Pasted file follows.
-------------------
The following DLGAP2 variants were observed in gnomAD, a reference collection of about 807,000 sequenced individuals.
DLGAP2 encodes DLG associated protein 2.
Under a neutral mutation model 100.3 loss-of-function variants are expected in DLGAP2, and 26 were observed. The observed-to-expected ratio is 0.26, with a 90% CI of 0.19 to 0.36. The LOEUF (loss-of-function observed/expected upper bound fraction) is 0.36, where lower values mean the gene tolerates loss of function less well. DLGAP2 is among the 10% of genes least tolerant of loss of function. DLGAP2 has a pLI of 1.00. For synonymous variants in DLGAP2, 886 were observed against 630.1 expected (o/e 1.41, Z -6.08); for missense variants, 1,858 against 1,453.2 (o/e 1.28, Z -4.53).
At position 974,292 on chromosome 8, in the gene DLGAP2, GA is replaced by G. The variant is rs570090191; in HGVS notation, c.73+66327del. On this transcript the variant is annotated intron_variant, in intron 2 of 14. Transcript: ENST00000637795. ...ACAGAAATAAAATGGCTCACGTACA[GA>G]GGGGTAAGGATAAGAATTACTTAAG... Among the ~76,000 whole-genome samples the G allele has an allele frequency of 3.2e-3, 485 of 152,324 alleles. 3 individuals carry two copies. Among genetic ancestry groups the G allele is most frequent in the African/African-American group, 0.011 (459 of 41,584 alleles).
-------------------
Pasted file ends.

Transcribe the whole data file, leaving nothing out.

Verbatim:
The following DLGAP2 variants were observed in gnomAD, a reference collection of about 807,000 sequenced individuals.
DLGAP2 encodes DLG associated protein 2.
Under a neutral mutation model 100.3 loss-of-function variants are expected in DLGAP2, and 26 were observed. The observed-to-expected ratio is 0.26, with a 90% CI of 0.19 to 0.36. The LOEUF (loss-of-function observed/expected upper bound fraction) is 0.36, where lower values mean the gene tolerates loss of function less well. DLGAP2 is among the 10% of genes least tolerant of loss of function. DLGAP2 has a pLI of 1.00. For synonymous variants in DLGAP2, 886 were observed against 630.1 expected (o/e 1.41, Z -6.08); for missense variants, 1,858 against 1,453.2 (o/e 1.28, Z -4.53).
At position 974,292 on chromosome 8, in the gene DLGAP2, GA is replaced by G. The variant is rs570090191; in HGVS notation, c.73+66327del. On this transcript the variant is annotated intron_variant, in intron 2 of 14. Transcript: ENST00000637795. ...ACAGAAATAAAATGGCTCACGTACA[GA>G]GGGGTAAGGATAAGAATTACTTAAG... Among the ~76,000 whole-genome samples the G allele has an allele frequency of 3.2e-3, 485 of 152,324 alleles. 3 individuals carry two copies. Among genetic ancestry groups the G allele is most frequent in the African/African-American group, 0.011 (459 of 41,584 alleles).